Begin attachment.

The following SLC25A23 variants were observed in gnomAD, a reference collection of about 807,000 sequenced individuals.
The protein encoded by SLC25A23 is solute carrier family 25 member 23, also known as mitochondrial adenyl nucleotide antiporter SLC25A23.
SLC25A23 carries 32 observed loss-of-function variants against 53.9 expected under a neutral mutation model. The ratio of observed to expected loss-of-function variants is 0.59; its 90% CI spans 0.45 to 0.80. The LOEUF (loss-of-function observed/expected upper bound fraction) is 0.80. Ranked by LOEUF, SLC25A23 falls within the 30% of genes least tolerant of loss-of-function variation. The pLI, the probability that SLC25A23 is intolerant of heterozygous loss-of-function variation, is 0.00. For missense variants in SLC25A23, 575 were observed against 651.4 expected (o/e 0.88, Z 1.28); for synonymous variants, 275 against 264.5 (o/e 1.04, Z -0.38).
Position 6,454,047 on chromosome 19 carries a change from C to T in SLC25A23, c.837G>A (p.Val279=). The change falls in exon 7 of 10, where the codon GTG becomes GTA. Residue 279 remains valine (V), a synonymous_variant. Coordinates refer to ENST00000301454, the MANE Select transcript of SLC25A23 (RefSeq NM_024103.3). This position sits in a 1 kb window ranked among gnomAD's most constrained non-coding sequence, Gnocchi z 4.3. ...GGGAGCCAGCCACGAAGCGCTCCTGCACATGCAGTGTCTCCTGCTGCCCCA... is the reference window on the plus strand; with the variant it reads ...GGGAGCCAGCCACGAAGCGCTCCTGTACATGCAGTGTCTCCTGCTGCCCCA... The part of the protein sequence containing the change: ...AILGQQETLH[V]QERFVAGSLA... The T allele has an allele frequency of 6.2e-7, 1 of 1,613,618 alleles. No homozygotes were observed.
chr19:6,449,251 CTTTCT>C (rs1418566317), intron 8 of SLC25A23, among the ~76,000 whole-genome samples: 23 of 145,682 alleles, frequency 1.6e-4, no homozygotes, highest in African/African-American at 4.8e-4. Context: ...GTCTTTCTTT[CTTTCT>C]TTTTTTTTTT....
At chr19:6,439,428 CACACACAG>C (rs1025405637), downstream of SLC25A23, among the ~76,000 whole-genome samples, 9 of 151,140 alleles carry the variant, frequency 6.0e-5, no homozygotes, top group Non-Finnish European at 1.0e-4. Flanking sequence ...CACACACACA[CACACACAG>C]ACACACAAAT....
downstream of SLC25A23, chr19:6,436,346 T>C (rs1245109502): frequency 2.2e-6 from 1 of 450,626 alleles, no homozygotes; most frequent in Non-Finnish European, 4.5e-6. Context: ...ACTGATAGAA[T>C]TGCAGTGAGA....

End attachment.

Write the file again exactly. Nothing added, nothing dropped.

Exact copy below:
The following SLC25A23 variants were observed in gnomAD, a reference collection of about 807,000 sequenced individuals.
The protein encoded by SLC25A23 is solute carrier family 25 member 23, also known as mitochondrial adenyl nucleotide antiporter SLC25A23.
SLC25A23 carries 32 observed loss-of-function variants against 53.9 expected under a neutral mutation model. The ratio of observed to expected loss-of-function variants is 0.59; its 90% CI spans 0.45 to 0.80. The LOEUF (loss-of-function observed/expected upper bound fraction) is 0.80. Ranked by LOEUF, SLC25A23 falls within the 30% of genes least tolerant of loss-of-function variation. The pLI, the probability that SLC25A23 is intolerant of heterozygous loss-of-function variation, is 0.00. For missense variants in SLC25A23, 575 were observed against 651.4 expected (o/e 0.88, Z 1.28); for synonymous variants, 275 against 264.5 (o/e 1.04, Z -0.38).
Position 6,454,047 on chromosome 19 carries a change from C to T in SLC25A23, c.837G>A (p.Val279=). The change falls in exon 7 of 10, where the codon GTG becomes GTA. Residue 279 remains valine (V), a synonymous_variant. Coordinates refer to ENST00000301454, the MANE Select transcript of SLC25A23 (RefSeq NM_024103.3). This position sits in a 1 kb window ranked among gnomAD's most constrained non-coding sequence, Gnocchi z 4.3. ...GGGAGCCAGCCACGAAGCGCTCCTGCACATGCAGTGTCTCCTGCTGCCCCA... is the reference window on the plus strand; with the variant it reads ...GGGAGCCAGCCACGAAGCGCTCCTGTACATGCAGTGTCTCCTGCTGCCCCA... The part of the protein sequence containing the change: ...AILGQQETLH[V]QERFVAGSLA... The T allele has an allele frequency of 6.2e-7, 1 of 1,613,618 alleles. No homozygotes were observed.
chr19:6,449,251 CTTTCT>C (rs1418566317), intron 8 of SLC25A23, among the ~76,000 whole-genome samples: 23 of 145,682 alleles, frequency 1.6e-4, no homozygotes, highest in African/African-American at 4.8e-4. Context: ...GTCTTTCTTT[CTTTCT>C]TTTTTTTTTT....
At chr19:6,439,428 CACACACAG>C (rs1025405637), downstream of SLC25A23, among the ~76,000 whole-genome samples, 9 of 151,140 alleles carry the variant, frequency 6.0e-5, no homozygotes, top group Non-Finnish European at 1.0e-4. Flanking sequence ...CACACACACA[CACACACAG>C]ACACACAAAT....
downstream of SLC25A23, chr19:6,436,346 T>C (rs1245109502): frequency 2.2e-6 from 1 of 450,626 alleles, no homozygotes; most frequent in Non-Finnish European, 4.5e-6. Context: ...ACTGATAGAA[T>C]TGCAGTGAGA....